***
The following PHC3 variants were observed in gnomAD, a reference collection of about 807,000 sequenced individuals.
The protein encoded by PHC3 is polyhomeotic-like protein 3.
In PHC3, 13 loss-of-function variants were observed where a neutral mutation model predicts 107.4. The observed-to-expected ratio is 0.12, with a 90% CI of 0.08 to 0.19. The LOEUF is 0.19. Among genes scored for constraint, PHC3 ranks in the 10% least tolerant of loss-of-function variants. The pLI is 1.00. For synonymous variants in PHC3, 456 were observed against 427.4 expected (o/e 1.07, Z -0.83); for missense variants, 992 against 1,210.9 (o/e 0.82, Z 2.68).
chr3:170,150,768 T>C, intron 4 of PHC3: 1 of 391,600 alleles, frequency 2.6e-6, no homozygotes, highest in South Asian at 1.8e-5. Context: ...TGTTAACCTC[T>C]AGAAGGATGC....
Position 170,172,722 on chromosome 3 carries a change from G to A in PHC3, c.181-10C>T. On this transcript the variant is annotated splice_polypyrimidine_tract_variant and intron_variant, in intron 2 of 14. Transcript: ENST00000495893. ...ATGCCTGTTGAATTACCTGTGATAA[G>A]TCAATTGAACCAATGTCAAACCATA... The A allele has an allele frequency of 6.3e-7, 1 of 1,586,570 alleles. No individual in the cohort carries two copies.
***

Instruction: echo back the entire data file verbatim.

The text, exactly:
The following PHC3 variants were observed in gnomAD, a reference collection of about 807,000 sequenced individuals.
The protein encoded by PHC3 is polyhomeotic-like protein 3.
In PHC3, 13 loss-of-function variants were observed where a neutral mutation model predicts 107.4. The observed-to-expected ratio is 0.12, with a 90% CI of 0.08 to 0.19. The LOEUF is 0.19. Among genes scored for constraint, PHC3 ranks in the 10% least tolerant of loss-of-function variants. The pLI is 1.00. For synonymous variants in PHC3, 456 were observed against 427.4 expected (o/e 1.07, Z -0.83); for missense variants, 992 against 1,210.9 (o/e 0.82, Z 2.68).
chr3:170,150,768 T>C, intron 4 of PHC3: 1 of 391,600 alleles, frequency 2.6e-6, no homozygotes, highest in South Asian at 1.8e-5. Context: ...TGTTAACCTC[T>C]AGAAGGATGC....
Position 170,172,722 on chromosome 3 carries a change from G to A in PHC3, c.181-10C>T. On this transcript the variant is annotated splice_polypyrimidine_tract_variant and intron_variant, in intron 2 of 14. Transcript: ENST00000495893. ...ATGCCTGTTGAATTACCTGTGATAA[G>A]TCAATTGAACCAATGTCAAACCATA... The A allele has an allele frequency of 6.3e-7, 1 of 1,586,570 alleles. No individual in the cohort carries two copies.